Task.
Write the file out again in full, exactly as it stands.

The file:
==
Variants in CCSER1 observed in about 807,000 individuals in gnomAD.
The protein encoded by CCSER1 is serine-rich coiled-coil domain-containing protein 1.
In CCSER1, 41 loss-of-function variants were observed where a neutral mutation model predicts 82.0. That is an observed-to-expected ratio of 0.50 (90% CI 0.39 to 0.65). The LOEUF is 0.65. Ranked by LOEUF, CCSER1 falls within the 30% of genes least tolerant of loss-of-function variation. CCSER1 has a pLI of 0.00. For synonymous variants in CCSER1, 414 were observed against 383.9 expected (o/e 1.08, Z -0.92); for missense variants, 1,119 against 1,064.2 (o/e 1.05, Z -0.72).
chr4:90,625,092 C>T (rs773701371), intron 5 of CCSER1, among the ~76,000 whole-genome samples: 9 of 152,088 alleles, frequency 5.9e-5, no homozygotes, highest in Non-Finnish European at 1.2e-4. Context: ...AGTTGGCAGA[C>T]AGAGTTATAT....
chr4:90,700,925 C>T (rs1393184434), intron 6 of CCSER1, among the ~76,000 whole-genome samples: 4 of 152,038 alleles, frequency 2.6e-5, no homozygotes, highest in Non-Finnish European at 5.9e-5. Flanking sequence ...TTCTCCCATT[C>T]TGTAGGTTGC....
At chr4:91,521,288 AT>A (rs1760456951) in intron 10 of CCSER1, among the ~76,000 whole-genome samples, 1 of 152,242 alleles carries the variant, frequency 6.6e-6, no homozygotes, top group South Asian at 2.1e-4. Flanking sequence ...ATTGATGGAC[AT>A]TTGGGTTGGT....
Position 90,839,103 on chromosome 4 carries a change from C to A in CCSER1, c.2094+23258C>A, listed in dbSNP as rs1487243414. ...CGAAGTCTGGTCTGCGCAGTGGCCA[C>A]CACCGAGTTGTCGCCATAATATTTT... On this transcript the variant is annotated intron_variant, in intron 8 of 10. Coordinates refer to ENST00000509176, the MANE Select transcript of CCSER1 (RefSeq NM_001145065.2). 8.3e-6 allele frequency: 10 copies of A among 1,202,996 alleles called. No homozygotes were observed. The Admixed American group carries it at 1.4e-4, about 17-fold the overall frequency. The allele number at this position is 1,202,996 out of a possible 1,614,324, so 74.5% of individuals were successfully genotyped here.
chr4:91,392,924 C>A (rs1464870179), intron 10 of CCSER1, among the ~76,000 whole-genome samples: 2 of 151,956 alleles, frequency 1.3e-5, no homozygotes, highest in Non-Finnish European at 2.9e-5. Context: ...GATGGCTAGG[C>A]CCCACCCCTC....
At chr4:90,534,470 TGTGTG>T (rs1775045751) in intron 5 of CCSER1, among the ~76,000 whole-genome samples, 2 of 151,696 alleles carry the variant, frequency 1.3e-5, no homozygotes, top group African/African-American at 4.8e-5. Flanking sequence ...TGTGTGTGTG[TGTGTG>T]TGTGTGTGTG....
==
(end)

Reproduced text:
Variants in CCSER1 observed in about 807,000 individuals in gnomAD.
The protein encoded by CCSER1 is serine-rich coiled-coil domain-containing protein 1.
In CCSER1, 41 loss-of-function variants were observed where a neutral mutation model predicts 82.0. That is an observed-to-expected ratio of 0.50 (90% CI 0.39 to 0.65). The LOEUF is 0.65. Ranked by LOEUF, CCSER1 falls within the 30% of genes least tolerant of loss-of-function variation. CCSER1 has a pLI of 0.00. For synonymous variants in CCSER1, 414 were observed against 383.9 expected (o/e 1.08, Z -0.92); for missense variants, 1,119 against 1,064.2 (o/e 1.05, Z -0.72).
chr4:90,625,092 C>T (rs773701371), intron 5 of CCSER1, among the ~76,000 whole-genome samples: 9 of 152,088 alleles, frequency 5.9e-5, no homozygotes, highest in Non-Finnish European at 1.2e-4. Context: ...AGTTGGCAGA[C>T]AGAGTTATAT....
chr4:90,700,925 C>T (rs1393184434), intron 6 of CCSER1, among the ~76,000 whole-genome samples: 4 of 152,038 alleles, frequency 2.6e-5, no homozygotes, highest in Non-Finnish European at 5.9e-5. Flanking sequence ...TTCTCCCATT[C>T]TGTAGGTTGC....
At chr4:91,521,288 AT>A (rs1760456951) in intron 10 of CCSER1, among the ~76,000 whole-genome samples, 1 of 152,242 alleles carries the variant, frequency 6.6e-6, no homozygotes, top group South Asian at 2.1e-4. Flanking sequence ...ATTGATGGAC[AT>A]TTGGGTTGGT....
Position 90,839,103 on chromosome 4 carries a change from C to A in CCSER1, c.2094+23258C>A, listed in dbSNP as rs1487243414. ...CGAAGTCTGGTCTGCGCAGTGGCCA[C>A]CACCGAGTTGTCGCCATAATATTTT... On this transcript the variant is annotated intron_variant, in intron 8 of 10. Coordinates refer to ENST00000509176, the MANE Select transcript of CCSER1 (RefSeq NM_001145065.2). 8.3e-6 allele frequency: 10 copies of A among 1,202,996 alleles called. No homozygotes were observed. The Admixed American group carries it at 1.4e-4, about 17-fold the overall frequency. The allele number at this position is 1,202,996 out of a possible 1,614,324, so 74.5% of individuals were successfully genotyped here.
chr4:91,392,924 C>A (rs1464870179), intron 10 of CCSER1, among the ~76,000 whole-genome samples: 2 of 151,956 alleles, frequency 1.3e-5, no homozygotes, highest in Non-Finnish European at 2.9e-5. Context: ...GATGGCTAGG[C>A]CCCACCCCTC....
At chr4:90,534,470 TGTGTG>T (rs1775045751) in intron 5 of CCSER1, among the ~76,000 whole-genome samples, 2 of 151,696 alleles carry the variant, frequency 1.3e-5, no homozygotes, top group African/African-American at 4.8e-5. Flanking sequence ...TGTGTGTGTG[TGTGTG>T]TGTGTGTGTG....